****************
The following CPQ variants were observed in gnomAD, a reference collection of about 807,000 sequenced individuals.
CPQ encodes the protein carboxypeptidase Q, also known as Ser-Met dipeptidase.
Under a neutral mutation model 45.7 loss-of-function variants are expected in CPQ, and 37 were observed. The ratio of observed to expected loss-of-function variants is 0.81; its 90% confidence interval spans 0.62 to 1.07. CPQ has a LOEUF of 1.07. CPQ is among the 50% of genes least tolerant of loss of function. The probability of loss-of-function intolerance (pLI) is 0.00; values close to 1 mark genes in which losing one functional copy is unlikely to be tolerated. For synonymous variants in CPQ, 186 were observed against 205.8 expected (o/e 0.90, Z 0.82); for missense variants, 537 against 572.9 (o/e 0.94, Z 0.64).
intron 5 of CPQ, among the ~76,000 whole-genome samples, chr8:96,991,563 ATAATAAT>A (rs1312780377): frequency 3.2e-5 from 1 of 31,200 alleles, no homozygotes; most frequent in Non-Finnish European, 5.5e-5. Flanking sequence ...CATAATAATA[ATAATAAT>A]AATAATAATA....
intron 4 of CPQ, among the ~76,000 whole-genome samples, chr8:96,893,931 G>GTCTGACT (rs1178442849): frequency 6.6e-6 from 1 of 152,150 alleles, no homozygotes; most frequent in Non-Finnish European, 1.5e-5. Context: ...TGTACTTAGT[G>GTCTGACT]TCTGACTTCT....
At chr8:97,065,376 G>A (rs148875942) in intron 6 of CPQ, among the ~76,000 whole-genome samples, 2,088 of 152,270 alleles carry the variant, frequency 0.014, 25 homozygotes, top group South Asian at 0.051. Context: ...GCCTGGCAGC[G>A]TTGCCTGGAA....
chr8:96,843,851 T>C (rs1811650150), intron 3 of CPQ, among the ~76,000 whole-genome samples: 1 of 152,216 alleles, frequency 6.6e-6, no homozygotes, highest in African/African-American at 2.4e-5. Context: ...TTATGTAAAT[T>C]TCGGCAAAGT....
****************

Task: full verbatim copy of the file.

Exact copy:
The following CPQ variants were observed in gnomAD, a reference collection of about 807,000 sequenced individuals.
CPQ encodes the protein carboxypeptidase Q, also known as Ser-Met dipeptidase.
Under a neutral mutation model 45.7 loss-of-function variants are expected in CPQ, and 37 were observed. The ratio of observed to expected loss-of-function variants is 0.81; its 90% confidence interval spans 0.62 to 1.07. CPQ has a LOEUF of 1.07. CPQ is among the 50% of genes least tolerant of loss of function. The probability of loss-of-function intolerance (pLI) is 0.00; values close to 1 mark genes in which losing one functional copy is unlikely to be tolerated. For synonymous variants in CPQ, 186 were observed against 205.8 expected (o/e 0.90, Z 0.82); for missense variants, 537 against 572.9 (o/e 0.94, Z 0.64).
intron 5 of CPQ, among the ~76,000 whole-genome samples, chr8:96,991,563 ATAATAAT>A (rs1312780377): frequency 3.2e-5 from 1 of 31,200 alleles, no homozygotes; most frequent in Non-Finnish European, 5.5e-5. Flanking sequence ...CATAATAATA[ATAATAAT>A]AATAATAATA....
intron 4 of CPQ, among the ~76,000 whole-genome samples, chr8:96,893,931 G>GTCTGACT (rs1178442849): frequency 6.6e-6 from 1 of 152,150 alleles, no homozygotes; most frequent in Non-Finnish European, 1.5e-5. Context: ...TGTACTTAGT[G>GTCTGACT]TCTGACTTCT....
At chr8:97,065,376 G>A (rs148875942) in intron 6 of CPQ, among the ~76,000 whole-genome samples, 2,088 of 152,270 alleles carry the variant, frequency 0.014, 25 homozygotes, top group South Asian at 0.051. Context: ...GCCTGGCAGC[G>A]TTGCCTGGAA....
chr8:96,843,851 T>C (rs1811650150), intron 3 of CPQ, among the ~76,000 whole-genome samples: 1 of 152,216 alleles, frequency 6.6e-6, no homozygotes, highest in African/African-American at 2.4e-5. Context: ...TTATGTAAAT[T>C]TCGGCAAAGT....